Gov’t working to increase landline service — Minister Hughes

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Public Telecommunications Minister, Cathy Hughes

THE Ministry of Public Telecommunications is making a special effort to partner with local telephone service providers to increase the number of landline services in new housing schemes and other existing villages.
The Government has embarked on the construction of several new housing schemes, commencing with a housing expose that will allow citizens a preview of homes that new communities will be modelled after.
However, several existing communities and recently-established housing schemes are still without land phone and Internet service years after they would have been commissioned.
The Guyana Telephone and Telegraph Company (GTT) held the monopoly in that area but was unable to adequately meet the country’s service needs.
Public Telecommunications Minister, Catherine Hughes, said that ensuring landline service for new communities is a major concern for her Ministry and efforts are being made to improve the situation.
The minister is convinced that once the telecommunication sector is fully liberalised, some relief will come in this area, especially if providers of such communication services increase.
Speaking on the early morning radio programme, “Jump Start,” the minister stated that “once there is liberalisation, what we envision is that some communities underserved and where companies like GTT decides they are not willing to go into an area for whatever reason… that there would be other players willing to provide the service.”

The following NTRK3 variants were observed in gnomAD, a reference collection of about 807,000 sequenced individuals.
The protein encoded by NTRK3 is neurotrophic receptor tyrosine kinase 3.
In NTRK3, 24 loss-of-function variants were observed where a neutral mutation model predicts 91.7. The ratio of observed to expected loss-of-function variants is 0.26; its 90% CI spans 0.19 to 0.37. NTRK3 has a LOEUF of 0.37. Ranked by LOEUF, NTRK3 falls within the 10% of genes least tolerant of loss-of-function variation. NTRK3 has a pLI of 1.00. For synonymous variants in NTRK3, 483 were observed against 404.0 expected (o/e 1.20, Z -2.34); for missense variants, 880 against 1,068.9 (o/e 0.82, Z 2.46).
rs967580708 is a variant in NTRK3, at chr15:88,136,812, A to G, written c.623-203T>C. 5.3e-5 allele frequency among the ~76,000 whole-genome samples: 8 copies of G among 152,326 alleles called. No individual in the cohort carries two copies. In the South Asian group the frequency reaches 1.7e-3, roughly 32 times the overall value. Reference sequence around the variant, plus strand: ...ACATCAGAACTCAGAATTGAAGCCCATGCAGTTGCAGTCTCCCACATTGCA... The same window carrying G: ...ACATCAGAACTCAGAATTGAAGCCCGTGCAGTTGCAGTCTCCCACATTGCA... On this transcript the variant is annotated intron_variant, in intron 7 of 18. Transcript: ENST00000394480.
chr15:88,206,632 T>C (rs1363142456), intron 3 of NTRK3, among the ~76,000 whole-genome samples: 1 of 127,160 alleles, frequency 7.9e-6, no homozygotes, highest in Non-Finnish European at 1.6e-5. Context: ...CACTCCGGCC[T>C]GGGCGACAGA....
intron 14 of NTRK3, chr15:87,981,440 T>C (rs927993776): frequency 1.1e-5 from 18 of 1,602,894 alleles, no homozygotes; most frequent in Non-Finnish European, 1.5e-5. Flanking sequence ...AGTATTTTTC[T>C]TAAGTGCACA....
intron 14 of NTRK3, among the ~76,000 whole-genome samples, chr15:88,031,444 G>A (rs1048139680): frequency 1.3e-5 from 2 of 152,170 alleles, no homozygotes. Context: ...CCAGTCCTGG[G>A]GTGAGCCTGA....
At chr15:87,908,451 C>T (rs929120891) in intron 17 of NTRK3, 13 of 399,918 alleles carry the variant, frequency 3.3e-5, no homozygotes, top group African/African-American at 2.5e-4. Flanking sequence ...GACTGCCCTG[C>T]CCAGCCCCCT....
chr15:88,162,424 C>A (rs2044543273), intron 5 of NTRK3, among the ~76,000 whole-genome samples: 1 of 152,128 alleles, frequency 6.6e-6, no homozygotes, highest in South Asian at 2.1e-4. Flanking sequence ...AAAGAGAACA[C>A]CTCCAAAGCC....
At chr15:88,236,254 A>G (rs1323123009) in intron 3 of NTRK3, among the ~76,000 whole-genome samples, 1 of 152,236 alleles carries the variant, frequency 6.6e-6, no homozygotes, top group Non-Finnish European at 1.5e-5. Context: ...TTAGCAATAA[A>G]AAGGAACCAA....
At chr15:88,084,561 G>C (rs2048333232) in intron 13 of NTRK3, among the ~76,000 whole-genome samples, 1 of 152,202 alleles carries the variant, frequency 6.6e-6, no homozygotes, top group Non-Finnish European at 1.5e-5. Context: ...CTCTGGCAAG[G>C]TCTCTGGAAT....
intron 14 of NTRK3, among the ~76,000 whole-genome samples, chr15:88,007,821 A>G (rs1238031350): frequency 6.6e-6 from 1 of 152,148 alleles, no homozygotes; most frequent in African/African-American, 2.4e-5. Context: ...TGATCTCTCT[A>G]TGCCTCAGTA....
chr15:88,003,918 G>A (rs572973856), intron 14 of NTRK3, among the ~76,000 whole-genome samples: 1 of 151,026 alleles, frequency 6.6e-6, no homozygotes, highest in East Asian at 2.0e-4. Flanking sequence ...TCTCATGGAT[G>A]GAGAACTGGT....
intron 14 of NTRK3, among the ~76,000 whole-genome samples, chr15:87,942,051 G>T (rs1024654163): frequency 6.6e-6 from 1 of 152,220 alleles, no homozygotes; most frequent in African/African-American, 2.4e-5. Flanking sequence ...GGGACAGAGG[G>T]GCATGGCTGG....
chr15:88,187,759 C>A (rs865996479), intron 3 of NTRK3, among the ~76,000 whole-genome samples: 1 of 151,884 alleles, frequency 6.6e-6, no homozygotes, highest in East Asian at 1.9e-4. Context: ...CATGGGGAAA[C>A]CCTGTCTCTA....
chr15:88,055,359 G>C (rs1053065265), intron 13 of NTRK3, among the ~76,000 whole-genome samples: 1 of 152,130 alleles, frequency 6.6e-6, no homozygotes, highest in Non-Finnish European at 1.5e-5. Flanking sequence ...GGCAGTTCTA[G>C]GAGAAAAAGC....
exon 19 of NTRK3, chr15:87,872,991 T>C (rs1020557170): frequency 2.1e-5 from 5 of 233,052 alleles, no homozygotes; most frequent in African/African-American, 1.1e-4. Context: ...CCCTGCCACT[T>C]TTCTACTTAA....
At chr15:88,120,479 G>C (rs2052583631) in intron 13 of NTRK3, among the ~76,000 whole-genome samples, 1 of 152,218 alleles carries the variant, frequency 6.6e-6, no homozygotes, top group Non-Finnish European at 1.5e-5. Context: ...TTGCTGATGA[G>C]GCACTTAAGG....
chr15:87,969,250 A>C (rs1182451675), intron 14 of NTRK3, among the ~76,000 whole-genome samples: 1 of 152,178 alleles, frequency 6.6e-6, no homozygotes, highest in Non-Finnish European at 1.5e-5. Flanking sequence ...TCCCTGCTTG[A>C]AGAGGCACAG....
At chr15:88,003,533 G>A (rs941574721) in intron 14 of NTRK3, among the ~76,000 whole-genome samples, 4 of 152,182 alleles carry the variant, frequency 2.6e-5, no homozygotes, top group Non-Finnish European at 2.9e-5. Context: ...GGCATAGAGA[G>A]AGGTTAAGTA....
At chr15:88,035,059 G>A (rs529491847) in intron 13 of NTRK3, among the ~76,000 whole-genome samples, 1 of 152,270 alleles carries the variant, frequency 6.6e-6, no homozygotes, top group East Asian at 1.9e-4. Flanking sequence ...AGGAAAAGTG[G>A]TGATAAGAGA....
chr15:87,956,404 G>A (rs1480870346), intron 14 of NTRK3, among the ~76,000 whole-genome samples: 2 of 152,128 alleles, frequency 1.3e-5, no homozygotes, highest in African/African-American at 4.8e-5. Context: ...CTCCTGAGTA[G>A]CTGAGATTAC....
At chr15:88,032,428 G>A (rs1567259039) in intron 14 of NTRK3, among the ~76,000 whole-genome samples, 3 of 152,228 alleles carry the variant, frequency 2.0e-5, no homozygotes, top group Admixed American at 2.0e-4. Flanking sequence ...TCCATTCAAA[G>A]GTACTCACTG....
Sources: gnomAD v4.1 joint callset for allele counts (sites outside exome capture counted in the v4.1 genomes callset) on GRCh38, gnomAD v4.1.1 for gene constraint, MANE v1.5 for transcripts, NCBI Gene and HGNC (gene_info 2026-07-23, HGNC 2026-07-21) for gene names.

The minister said she is well aware of the situation since she continues to receive many letters from persons in housing areas and communities complaining that they do not have landlines.
Hughes said her Ministry is thus looking at providing a little more connectivity through the towers and infrastructure existing telecoms companies already have in place. In some instances, to provide telecoms service in a particular community, the company would have to decide whether it makes financial sense to do so, since they would have to recover their investment.
“The challenge for Guyana is connectivity,” the minister said. She pointed out that the current fibre-optic cable goes to places like Moleson Creek and Essequibo, “but we want to see it going further south to places like Lethem and some of the other hinterland remote communities”.
She reminded that a lot of money was spent on another fibre-optic cable from Brazil to Guyana. That programme initiated under the former People Progressive Party (PPP) Government failed had miserably. To the point where the new Coalition Government had to scrap the project since it would have been too costly to repair damaged material and continue the project.
Minister Hughes is interested, however, in improving partnerships with the private sector to have certain infrastructure in place.
The minister said she wants to establish greater relationships with GTT, Digicel and any other player that comes into the market.
Hughes noted that technology thrives in a rapidly changing environment and pointed out that what people in North America expect from their service providers is no different from what someone in Lethem would expect.
She said the challenge is putting things in place to provide better service to Guyanese.
“Developing relationships with companies is to help create useful infrastructure that would be the basis on which Guyana can develop and expand,” the minister said, noting that the Telecommunications Bill has been assented to by the President David Granger.